The OP is comparing per capita numbers, so the population argument wouldn't apply.
Originally Posted by xaviar007
To give an example of what I was saying earlier, imagine if someone broke into your house, threatened you with a gun, stole your stuff, and left. Or, imagine someone robbed a convenience store using a gun. Both of these guys get away. In the US, we would report both of these as gun crimes, even if we didn't catch or convict the criminals, but the UK wouldn't report them as such. They are merely "incidents," not "crimes," until someone is arrested and convicted. Now think about how abhorrent police response times are, and how hard it would be to track someone down using only video footage after they've already left. 3D facial recognition systems only find criminals in Hollywood. It's not surprising that most gun crimes in the UK don't result in arrests or convictions.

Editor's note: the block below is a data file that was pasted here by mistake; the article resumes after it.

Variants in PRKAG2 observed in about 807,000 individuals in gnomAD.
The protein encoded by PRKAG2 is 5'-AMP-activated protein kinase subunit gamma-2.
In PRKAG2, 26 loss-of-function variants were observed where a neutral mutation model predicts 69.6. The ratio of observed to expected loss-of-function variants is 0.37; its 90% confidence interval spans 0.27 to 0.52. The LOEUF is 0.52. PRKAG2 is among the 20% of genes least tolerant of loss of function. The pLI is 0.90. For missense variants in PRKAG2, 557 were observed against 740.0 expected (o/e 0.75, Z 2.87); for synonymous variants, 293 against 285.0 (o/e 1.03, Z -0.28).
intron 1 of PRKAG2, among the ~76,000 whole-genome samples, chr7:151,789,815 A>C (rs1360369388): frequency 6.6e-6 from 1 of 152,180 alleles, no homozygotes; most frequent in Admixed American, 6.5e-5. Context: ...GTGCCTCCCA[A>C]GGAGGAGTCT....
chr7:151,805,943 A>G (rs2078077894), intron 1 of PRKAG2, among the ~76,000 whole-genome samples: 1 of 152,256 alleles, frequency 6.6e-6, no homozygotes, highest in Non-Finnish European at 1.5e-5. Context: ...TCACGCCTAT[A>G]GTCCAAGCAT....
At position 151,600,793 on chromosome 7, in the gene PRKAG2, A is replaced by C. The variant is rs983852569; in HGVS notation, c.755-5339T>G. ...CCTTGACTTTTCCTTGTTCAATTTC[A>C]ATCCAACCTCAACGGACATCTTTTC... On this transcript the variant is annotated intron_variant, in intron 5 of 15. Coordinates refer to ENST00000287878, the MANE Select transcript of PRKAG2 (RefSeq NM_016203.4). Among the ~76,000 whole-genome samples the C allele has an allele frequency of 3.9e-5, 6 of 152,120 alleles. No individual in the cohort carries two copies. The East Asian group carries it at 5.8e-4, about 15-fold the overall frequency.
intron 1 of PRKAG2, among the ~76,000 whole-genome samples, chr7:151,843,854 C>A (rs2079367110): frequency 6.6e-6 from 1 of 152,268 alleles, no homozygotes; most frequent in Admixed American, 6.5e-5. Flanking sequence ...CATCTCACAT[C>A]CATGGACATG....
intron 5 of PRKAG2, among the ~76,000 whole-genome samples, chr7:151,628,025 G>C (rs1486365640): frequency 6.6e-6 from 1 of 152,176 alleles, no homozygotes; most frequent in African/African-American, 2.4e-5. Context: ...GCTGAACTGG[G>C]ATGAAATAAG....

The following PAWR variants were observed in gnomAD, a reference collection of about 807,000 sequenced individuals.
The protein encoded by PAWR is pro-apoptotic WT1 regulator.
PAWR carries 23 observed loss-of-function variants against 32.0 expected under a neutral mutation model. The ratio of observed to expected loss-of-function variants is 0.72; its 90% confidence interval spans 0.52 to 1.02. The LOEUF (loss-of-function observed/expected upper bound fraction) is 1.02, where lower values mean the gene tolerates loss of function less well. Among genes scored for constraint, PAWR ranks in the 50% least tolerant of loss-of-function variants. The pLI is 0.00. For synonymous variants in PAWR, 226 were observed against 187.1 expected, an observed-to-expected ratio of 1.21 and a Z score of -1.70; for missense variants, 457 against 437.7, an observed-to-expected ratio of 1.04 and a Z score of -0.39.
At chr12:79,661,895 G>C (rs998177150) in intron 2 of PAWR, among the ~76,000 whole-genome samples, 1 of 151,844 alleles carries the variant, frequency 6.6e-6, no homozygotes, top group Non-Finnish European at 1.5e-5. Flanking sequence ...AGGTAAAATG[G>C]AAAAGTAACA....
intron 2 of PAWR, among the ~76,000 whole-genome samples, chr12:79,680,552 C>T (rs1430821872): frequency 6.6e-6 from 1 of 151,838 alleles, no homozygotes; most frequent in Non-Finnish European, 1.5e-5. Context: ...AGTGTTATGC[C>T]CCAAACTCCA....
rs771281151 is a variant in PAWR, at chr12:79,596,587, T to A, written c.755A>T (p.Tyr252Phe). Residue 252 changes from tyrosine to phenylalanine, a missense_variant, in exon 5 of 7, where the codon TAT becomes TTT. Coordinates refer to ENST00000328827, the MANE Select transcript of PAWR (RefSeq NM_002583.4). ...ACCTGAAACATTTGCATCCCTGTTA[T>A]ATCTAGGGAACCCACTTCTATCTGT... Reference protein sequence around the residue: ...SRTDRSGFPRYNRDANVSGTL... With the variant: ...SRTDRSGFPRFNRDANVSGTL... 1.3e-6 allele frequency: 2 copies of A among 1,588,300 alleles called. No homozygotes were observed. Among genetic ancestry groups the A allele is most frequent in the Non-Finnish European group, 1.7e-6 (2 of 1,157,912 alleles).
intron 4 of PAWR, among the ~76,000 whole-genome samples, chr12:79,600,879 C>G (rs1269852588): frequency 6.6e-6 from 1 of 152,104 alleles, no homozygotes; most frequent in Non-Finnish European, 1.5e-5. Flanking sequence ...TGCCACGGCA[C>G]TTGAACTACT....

Source: Fear in Britain, Gallant, Hills, Kopel, Independence Institute, July 18, 2000.
To top it off, the cops have admitted that they lie about gun crime all the freakin' time to promote tourism.
Source: Crime Figures a Sham, Say Police, Daily Telegraph, April 1, 1996.
If we compare the number of convictions in the US for violent crimes to the number of convictions in the UK, the numbers make a lot more sense. In 2008, Britain had a violent crime rate nearly five times higher than the United States (446 vs. 2034 per 100,000).
Source: The most violent country in Europe: Britain is also worse than South Africa and U.S., Daily Mail, July 3, 2009, citing a joint report of the European Commission and United Nations.
Ironically, firearm use in crimes in the UK has doubled in the decade since handguns were banned.
Source: Weapons sell for just £50 as suspects and victims grow ever younger, The Times, August 24, 2007.
Go to GunFacts.info for more.